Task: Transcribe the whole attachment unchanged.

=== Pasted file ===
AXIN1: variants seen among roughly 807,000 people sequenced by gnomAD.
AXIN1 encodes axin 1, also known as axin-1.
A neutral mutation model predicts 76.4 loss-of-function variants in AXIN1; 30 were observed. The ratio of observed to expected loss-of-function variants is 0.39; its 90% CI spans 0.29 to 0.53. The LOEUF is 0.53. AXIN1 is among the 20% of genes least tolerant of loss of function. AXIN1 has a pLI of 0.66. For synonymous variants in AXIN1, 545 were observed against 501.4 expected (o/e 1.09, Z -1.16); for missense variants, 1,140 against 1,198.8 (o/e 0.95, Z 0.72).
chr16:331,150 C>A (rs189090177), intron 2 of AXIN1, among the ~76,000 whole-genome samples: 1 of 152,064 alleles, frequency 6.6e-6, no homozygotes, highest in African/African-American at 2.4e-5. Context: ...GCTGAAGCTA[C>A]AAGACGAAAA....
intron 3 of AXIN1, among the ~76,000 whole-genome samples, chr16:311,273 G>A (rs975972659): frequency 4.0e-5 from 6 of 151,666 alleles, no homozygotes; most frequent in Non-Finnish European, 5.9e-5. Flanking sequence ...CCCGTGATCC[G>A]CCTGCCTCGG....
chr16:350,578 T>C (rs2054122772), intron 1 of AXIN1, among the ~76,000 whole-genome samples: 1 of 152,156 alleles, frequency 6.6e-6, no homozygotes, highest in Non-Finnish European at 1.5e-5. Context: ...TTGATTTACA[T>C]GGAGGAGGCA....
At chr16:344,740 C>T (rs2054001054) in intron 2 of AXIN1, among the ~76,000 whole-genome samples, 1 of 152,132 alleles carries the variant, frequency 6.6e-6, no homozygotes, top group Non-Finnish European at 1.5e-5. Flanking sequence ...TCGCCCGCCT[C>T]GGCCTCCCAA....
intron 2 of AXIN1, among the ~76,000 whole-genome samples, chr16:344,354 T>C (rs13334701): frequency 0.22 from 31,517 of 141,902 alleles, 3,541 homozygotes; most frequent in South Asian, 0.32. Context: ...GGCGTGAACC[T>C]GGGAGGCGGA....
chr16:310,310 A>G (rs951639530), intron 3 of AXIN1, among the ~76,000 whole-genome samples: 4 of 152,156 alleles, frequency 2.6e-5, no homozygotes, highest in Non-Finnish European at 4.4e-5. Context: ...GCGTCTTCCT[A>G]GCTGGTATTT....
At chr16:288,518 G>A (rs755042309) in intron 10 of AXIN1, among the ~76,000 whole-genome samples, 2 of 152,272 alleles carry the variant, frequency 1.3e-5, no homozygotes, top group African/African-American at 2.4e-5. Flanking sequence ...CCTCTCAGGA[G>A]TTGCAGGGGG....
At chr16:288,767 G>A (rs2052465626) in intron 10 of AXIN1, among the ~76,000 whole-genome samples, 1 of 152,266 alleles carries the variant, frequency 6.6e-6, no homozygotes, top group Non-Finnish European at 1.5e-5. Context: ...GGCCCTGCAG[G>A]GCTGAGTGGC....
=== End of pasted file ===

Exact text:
AXIN1: variants seen among roughly 807,000 people sequenced by gnomAD.
AXIN1 encodes axin 1, also known as axin-1.
A neutral mutation model predicts 76.4 loss-of-function variants in AXIN1; 30 were observed. The ratio of observed to expected loss-of-function variants is 0.39; its 90% CI spans 0.29 to 0.53. The LOEUF is 0.53. AXIN1 is among the 20% of genes least tolerant of loss of function. AXIN1 has a pLI of 0.66. For synonymous variants in AXIN1, 545 were observed against 501.4 expected (o/e 1.09, Z -1.16); for missense variants, 1,140 against 1,198.8 (o/e 0.95, Z 0.72).
chr16:331,150 C>A (rs189090177), intron 2 of AXIN1, among the ~76,000 whole-genome samples: 1 of 152,064 alleles, frequency 6.6e-6, no homozygotes, highest in African/African-American at 2.4e-5. Context: ...GCTGAAGCTA[C>A]AAGACGAAAA....
intron 3 of AXIN1, among the ~76,000 whole-genome samples, chr16:311,273 G>A (rs975972659): frequency 4.0e-5 from 6 of 151,666 alleles, no homozygotes; most frequent in Non-Finnish European, 5.9e-5. Flanking sequence ...CCCGTGATCC[G>A]CCTGCCTCGG....
chr16:350,578 T>C (rs2054122772), intron 1 of AXIN1, among the ~76,000 whole-genome samples: 1 of 152,156 alleles, frequency 6.6e-6, no homozygotes, highest in Non-Finnish European at 1.5e-5. Context: ...TTGATTTACA[T>C]GGAGGAGGCA....
At chr16:344,740 C>T (rs2054001054) in intron 2 of AXIN1, among the ~76,000 whole-genome samples, 1 of 152,132 alleles carries the variant, frequency 6.6e-6, no homozygotes, top group Non-Finnish European at 1.5e-5. Flanking sequence ...TCGCCCGCCT[C>T]GGCCTCCCAA....
intron 2 of AXIN1, among the ~76,000 whole-genome samples, chr16:344,354 T>C (rs13334701): frequency 0.22 from 31,517 of 141,902 alleles, 3,541 homozygotes; most frequent in South Asian, 0.32. Context: ...GGCGTGAACC[T>C]GGGAGGCGGA....
chr16:310,310 A>G (rs951639530), intron 3 of AXIN1, among the ~76,000 whole-genome samples: 4 of 152,156 alleles, frequency 2.6e-5, no homozygotes, highest in Non-Finnish European at 4.4e-5. Context: ...GCGTCTTCCT[A>G]GCTGGTATTT....
At chr16:288,518 G>A (rs755042309) in intron 10 of AXIN1, among the ~76,000 whole-genome samples, 2 of 152,272 alleles carry the variant, frequency 1.3e-5, no homozygotes, top group African/African-American at 2.4e-5. Flanking sequence ...CCTCTCAGGA[G>A]TTGCAGGGGG....
At chr16:288,767 G>A (rs2052465626) in intron 10 of AXIN1, among the ~76,000 whole-genome samples, 1 of 152,266 alleles carries the variant, frequency 6.6e-6, no homozygotes, top group Non-Finnish European at 1.5e-5. Context: ...GGCCCTGCAG[G>A]GCTGAGTGGC....